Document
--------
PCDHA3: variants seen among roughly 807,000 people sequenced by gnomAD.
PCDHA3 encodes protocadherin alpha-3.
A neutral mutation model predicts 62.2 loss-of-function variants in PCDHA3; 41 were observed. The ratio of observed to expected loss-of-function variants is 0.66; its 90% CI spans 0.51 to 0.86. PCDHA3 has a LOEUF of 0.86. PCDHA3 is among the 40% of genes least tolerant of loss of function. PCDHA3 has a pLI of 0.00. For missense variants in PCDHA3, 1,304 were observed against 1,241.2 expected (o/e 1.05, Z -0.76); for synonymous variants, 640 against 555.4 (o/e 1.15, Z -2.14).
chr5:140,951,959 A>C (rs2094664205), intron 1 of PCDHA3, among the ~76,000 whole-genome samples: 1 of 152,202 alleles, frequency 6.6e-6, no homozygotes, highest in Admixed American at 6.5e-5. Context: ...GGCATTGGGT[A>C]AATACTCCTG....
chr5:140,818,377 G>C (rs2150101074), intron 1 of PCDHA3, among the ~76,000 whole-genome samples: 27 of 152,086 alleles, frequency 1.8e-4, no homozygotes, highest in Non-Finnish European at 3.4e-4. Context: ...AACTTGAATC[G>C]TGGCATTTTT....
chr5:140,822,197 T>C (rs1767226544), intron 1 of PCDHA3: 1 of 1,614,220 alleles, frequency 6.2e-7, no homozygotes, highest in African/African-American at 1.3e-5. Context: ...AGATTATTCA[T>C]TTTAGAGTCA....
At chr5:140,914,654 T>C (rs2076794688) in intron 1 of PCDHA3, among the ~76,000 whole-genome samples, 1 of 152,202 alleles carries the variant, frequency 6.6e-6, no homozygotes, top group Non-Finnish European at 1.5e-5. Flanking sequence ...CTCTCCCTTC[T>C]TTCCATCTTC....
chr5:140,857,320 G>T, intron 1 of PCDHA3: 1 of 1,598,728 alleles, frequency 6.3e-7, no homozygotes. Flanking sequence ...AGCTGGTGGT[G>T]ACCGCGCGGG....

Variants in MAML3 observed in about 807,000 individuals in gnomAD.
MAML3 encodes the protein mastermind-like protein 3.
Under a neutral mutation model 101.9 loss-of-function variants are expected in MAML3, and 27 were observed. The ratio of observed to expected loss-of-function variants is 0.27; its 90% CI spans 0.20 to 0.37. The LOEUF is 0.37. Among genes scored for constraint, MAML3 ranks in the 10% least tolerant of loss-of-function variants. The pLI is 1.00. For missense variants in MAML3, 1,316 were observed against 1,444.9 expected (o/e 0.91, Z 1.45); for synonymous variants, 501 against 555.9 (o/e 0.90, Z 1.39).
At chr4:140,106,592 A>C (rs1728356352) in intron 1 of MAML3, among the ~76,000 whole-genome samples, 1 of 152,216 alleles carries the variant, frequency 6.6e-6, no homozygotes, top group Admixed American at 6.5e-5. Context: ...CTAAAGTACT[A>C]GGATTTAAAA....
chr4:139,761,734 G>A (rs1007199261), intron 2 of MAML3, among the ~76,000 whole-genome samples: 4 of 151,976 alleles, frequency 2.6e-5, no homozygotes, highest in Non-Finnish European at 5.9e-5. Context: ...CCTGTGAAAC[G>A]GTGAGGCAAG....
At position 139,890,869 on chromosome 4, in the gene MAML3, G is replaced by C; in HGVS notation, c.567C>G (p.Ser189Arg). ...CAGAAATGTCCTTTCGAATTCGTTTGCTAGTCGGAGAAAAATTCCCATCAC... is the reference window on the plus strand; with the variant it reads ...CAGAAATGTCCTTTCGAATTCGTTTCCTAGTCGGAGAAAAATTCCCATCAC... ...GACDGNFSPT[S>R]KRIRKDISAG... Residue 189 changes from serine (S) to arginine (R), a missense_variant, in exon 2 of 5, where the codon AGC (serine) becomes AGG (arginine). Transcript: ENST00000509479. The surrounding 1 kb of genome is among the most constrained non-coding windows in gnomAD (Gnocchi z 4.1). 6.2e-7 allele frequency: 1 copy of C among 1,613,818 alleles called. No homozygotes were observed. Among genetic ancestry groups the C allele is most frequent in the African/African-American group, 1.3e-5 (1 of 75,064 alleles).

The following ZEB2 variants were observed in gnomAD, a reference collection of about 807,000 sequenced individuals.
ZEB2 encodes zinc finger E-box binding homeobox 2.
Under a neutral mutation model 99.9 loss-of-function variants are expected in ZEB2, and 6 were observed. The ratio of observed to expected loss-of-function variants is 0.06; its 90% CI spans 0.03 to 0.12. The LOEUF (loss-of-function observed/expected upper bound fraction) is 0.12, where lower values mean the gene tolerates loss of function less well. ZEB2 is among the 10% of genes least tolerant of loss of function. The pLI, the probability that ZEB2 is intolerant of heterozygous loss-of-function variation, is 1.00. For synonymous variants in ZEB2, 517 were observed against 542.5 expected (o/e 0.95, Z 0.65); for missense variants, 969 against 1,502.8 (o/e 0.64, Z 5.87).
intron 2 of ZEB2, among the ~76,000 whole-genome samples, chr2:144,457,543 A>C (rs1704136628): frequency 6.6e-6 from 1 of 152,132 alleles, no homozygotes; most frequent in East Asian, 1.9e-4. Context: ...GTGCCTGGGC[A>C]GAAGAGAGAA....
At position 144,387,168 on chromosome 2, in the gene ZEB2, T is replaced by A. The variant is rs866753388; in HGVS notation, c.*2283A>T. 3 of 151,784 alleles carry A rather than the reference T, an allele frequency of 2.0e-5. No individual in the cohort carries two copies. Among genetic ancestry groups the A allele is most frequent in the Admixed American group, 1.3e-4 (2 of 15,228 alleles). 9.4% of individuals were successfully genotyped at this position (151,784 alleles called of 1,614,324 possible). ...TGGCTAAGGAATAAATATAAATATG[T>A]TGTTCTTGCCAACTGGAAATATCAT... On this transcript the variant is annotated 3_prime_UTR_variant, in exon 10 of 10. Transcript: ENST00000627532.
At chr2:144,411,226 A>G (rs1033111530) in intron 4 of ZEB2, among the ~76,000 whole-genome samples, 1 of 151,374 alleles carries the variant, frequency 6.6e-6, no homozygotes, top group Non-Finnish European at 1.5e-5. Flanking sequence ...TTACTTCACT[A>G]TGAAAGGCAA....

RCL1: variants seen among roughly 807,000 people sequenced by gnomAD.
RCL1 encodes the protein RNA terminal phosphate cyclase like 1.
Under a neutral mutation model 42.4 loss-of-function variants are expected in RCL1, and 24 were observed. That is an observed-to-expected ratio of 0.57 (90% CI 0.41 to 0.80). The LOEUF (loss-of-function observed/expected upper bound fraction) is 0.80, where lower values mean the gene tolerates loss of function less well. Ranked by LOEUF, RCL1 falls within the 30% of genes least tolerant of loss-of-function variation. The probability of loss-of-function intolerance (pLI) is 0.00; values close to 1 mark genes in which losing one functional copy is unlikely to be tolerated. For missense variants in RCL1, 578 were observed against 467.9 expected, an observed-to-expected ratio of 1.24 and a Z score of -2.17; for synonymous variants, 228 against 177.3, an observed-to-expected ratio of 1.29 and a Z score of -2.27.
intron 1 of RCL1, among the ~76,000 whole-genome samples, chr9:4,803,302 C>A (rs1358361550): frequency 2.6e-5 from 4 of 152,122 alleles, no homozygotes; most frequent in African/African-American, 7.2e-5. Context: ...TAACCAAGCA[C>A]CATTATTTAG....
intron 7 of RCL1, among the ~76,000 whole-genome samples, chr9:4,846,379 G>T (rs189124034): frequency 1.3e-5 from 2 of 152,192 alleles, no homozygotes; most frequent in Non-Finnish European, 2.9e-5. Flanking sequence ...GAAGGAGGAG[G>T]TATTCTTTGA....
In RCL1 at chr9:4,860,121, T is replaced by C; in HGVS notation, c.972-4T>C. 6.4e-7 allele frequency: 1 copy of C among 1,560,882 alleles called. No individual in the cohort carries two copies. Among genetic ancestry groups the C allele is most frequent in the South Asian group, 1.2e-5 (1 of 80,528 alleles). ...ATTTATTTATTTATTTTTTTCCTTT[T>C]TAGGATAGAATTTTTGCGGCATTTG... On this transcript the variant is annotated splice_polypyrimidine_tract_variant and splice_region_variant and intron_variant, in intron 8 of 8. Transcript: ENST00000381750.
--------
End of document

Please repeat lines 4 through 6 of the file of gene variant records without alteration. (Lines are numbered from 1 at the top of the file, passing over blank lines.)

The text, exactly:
chr5:140,951,959 A>C (rs2094664205), intron 1 of PCDHA3, among the ~76,000 whole-genome samples: 1 of 152,202 alleles, frequency 6.6e-6, no homozygotes, highest in Admixed American at 6.5e-5. Context: ...GGCATTGGGT[A>C]AATACTCCTG....
chr5:140,818,377 G>C (rs2150101074), intron 1 of PCDHA3, among the ~76,000 whole-genome samples: 27 of 152,086 alleles, frequency 1.8e-4, no homozygotes, highest in Non-Finnish European at 3.4e-4. Context: ...AACTTGAATC[G>C]TGGCATTTTT....
chr5:140,822,197 T>C (rs1767226544), intron 1 of PCDHA3: 1 of 1,614,220 alleles, frequency 6.2e-7, no homozygotes, highest in African/African-American at 1.3e-5. Context: ...AGATTATTCA[T>C]TTTAGAGTCA....